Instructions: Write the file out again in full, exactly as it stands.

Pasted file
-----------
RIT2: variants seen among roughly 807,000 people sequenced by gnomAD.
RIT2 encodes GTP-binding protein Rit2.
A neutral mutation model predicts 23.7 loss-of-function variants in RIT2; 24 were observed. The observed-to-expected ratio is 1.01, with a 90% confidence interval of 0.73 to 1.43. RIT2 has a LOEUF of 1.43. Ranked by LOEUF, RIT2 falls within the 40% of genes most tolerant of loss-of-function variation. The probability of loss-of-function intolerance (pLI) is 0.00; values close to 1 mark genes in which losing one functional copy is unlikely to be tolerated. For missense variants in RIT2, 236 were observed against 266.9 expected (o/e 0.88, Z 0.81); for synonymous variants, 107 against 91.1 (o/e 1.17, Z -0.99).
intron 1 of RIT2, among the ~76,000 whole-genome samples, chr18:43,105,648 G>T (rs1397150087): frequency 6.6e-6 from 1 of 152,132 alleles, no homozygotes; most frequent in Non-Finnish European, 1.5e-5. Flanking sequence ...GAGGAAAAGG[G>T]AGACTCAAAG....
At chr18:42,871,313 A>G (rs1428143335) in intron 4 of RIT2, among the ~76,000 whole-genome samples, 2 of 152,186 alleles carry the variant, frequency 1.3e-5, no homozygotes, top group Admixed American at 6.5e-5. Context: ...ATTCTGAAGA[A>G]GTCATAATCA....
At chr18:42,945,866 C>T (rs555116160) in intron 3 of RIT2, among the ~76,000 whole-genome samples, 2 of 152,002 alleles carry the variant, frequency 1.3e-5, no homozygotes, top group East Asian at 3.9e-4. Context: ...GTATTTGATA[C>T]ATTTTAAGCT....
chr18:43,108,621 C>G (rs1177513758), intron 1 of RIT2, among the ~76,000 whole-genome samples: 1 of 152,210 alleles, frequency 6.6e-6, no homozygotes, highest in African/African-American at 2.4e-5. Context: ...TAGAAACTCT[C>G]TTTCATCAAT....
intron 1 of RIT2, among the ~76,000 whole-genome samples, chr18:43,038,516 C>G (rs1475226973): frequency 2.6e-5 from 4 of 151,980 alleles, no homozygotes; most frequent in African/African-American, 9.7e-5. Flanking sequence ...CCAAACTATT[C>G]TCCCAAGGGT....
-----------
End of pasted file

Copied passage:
RIT2: variants seen among roughly 807,000 people sequenced by gnomAD.
RIT2 encodes GTP-binding protein Rit2.
A neutral mutation model predicts 23.7 loss-of-function variants in RIT2; 24 were observed. The observed-to-expected ratio is 1.01, with a 90% confidence interval of 0.73 to 1.43. RIT2 has a LOEUF of 1.43. Ranked by LOEUF, RIT2 falls within the 40% of genes most tolerant of loss-of-function variation. The probability of loss-of-function intolerance (pLI) is 0.00; values close to 1 mark genes in which losing one functional copy is unlikely to be tolerated. For missense variants in RIT2, 236 were observed against 266.9 expected (o/e 0.88, Z 0.81); for synonymous variants, 107 against 91.1 (o/e 1.17, Z -0.99).
intron 1 of RIT2, among the ~76,000 whole-genome samples, chr18:43,105,648 G>T (rs1397150087): frequency 6.6e-6 from 1 of 152,132 alleles, no homozygotes; most frequent in Non-Finnish European, 1.5e-5. Flanking sequence ...GAGGAAAAGG[G>T]AGACTCAAAG....
At chr18:42,871,313 A>G (rs1428143335) in intron 4 of RIT2, among the ~76,000 whole-genome samples, 2 of 152,186 alleles carry the variant, frequency 1.3e-5, no homozygotes, top group Admixed American at 6.5e-5. Context: ...ATTCTGAAGA[A>G]GTCATAATCA....
At chr18:42,945,866 C>T (rs555116160) in intron 3 of RIT2, among the ~76,000 whole-genome samples, 2 of 152,002 alleles carry the variant, frequency 1.3e-5, no homozygotes, top group East Asian at 3.9e-4. Context: ...GTATTTGATA[C>T]ATTTTAAGCT....
chr18:43,108,621 C>G (rs1177513758), intron 1 of RIT2, among the ~76,000 whole-genome samples: 1 of 152,210 alleles, frequency 6.6e-6, no homozygotes, highest in African/African-American at 2.4e-5. Context: ...TAGAAACTCT[C>G]TTTCATCAAT....
intron 1 of RIT2, among the ~76,000 whole-genome samples, chr18:43,038,516 C>G (rs1475226973): frequency 2.6e-5 from 4 of 151,980 alleles, no homozygotes; most frequent in African/African-American, 9.7e-5. Flanking sequence ...CCAAACTATT[C>G]TCCCAAGGGT....